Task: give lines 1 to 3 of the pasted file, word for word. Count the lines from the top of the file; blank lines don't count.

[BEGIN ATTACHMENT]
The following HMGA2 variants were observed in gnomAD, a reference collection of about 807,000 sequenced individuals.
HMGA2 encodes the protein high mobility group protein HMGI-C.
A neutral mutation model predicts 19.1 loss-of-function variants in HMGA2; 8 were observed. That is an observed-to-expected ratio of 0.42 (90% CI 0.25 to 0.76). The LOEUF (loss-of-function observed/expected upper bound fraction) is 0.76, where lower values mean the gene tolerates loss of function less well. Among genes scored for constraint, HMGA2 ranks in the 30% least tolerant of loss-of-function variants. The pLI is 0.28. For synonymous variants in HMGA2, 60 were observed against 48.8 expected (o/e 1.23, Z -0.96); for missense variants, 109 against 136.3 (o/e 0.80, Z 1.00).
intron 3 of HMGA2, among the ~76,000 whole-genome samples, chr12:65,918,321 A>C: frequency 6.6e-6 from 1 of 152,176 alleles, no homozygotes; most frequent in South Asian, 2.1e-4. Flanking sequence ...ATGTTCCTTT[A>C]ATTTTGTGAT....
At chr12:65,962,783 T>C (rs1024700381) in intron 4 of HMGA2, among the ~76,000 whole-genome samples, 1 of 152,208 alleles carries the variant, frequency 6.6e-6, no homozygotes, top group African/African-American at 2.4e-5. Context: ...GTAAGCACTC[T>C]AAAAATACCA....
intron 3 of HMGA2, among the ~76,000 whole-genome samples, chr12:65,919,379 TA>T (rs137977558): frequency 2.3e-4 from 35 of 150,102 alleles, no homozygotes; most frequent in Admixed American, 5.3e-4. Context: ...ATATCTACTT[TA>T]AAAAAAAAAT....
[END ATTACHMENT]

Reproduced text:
The following HMGA2 variants were observed in gnomAD, a reference collection of about 807,000 sequenced individuals.
HMGA2 encodes the protein high mobility group protein HMGI-C.
A neutral mutation model predicts 19.1 loss-of-function variants in HMGA2; 8 were observed. That is an observed-to-expected ratio of 0.42 (90% CI 0.25 to 0.76). The LOEUF (loss-of-function observed/expected upper bound fraction) is 0.76, where lower values mean the gene tolerates loss of function less well. Among genes scored for constraint, HMGA2 ranks in the 30% least tolerant of loss-of-function variants. The pLI is 0.28. For synonymous variants in HMGA2, 60 were observed against 48.8 expected (o/e 1.23, Z -0.96); for missense variants, 109 against 136.3 (o/e 0.80, Z 1.00).